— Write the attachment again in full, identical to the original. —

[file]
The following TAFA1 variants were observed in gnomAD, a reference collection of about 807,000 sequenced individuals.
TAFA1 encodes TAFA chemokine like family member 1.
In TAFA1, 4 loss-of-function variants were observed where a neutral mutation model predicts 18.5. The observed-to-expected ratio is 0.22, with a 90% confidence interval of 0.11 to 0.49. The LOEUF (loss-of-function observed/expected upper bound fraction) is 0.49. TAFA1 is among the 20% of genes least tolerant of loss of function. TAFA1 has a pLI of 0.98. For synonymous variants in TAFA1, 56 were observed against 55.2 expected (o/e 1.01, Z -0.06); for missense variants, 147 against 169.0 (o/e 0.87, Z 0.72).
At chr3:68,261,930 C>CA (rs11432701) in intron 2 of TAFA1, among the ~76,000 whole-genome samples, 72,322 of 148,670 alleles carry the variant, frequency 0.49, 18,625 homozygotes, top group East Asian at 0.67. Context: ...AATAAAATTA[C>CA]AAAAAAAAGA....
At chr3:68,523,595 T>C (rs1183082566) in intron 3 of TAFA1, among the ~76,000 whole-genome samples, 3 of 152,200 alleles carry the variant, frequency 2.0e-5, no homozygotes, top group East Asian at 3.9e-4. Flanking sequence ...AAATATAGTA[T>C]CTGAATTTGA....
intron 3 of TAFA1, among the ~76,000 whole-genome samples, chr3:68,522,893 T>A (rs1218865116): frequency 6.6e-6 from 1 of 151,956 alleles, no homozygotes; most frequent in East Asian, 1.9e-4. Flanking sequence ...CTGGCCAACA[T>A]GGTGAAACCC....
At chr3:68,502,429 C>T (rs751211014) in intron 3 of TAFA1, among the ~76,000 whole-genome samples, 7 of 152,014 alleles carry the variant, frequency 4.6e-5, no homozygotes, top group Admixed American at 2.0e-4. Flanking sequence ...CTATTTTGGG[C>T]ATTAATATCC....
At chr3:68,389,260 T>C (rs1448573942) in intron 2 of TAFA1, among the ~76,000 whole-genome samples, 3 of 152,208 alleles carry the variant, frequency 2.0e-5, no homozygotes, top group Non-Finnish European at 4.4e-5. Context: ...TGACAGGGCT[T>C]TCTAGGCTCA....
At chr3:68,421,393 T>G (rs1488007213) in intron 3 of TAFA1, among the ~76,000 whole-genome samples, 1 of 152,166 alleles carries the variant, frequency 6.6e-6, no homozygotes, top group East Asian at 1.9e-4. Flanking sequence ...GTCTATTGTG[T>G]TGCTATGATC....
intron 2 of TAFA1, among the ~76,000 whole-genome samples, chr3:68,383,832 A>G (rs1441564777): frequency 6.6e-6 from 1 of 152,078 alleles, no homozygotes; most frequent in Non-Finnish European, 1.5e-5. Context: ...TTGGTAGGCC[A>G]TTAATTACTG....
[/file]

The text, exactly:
The following TAFA1 variants were observed in gnomAD, a reference collection of about 807,000 sequenced individuals.
TAFA1 encodes TAFA chemokine like family member 1.
In TAFA1, 4 loss-of-function variants were observed where a neutral mutation model predicts 18.5. The observed-to-expected ratio is 0.22, with a 90% confidence interval of 0.11 to 0.49. The LOEUF (loss-of-function observed/expected upper bound fraction) is 0.49. TAFA1 is among the 20% of genes least tolerant of loss of function. TAFA1 has a pLI of 0.98. For synonymous variants in TAFA1, 56 were observed against 55.2 expected (o/e 1.01, Z -0.06); for missense variants, 147 against 169.0 (o/e 0.87, Z 0.72).
At chr3:68,261,930 C>CA (rs11432701) in intron 2 of TAFA1, among the ~76,000 whole-genome samples, 72,322 of 148,670 alleles carry the variant, frequency 0.49, 18,625 homozygotes, top group East Asian at 0.67. Context: ...AATAAAATTA[C>CA]AAAAAAAAGA....
At chr3:68,523,595 T>C (rs1183082566) in intron 3 of TAFA1, among the ~76,000 whole-genome samples, 3 of 152,200 alleles carry the variant, frequency 2.0e-5, no homozygotes, top group East Asian at 3.9e-4. Flanking sequence ...AAATATAGTA[T>C]CTGAATTTGA....
intron 3 of TAFA1, among the ~76,000 whole-genome samples, chr3:68,522,893 T>A (rs1218865116): frequency 6.6e-6 from 1 of 151,956 alleles, no homozygotes; most frequent in East Asian, 1.9e-4. Flanking sequence ...CTGGCCAACA[T>A]GGTGAAACCC....
At chr3:68,502,429 C>T (rs751211014) in intron 3 of TAFA1, among the ~76,000 whole-genome samples, 7 of 152,014 alleles carry the variant, frequency 4.6e-5, no homozygotes, top group Admixed American at 2.0e-4. Flanking sequence ...CTATTTTGGG[C>T]ATTAATATCC....
At chr3:68,389,260 T>C (rs1448573942) in intron 2 of TAFA1, among the ~76,000 whole-genome samples, 3 of 152,208 alleles carry the variant, frequency 2.0e-5, no homozygotes, top group Non-Finnish European at 4.4e-5. Context: ...TGACAGGGCT[T>C]TCTAGGCTCA....
At chr3:68,421,393 T>G (rs1488007213) in intron 3 of TAFA1, among the ~76,000 whole-genome samples, 1 of 152,166 alleles carries the variant, frequency 6.6e-6, no homozygotes, top group East Asian at 1.9e-4. Flanking sequence ...GTCTATTGTG[T>G]TGCTATGATC....
intron 2 of TAFA1, among the ~76,000 whole-genome samples, chr3:68,383,832 A>G (rs1441564777): frequency 6.6e-6 from 1 of 152,078 alleles, no homozygotes; most frequent in Non-Finnish European, 1.5e-5. Context: ...TTGGTAGGCC[A>G]TTAATTACTG....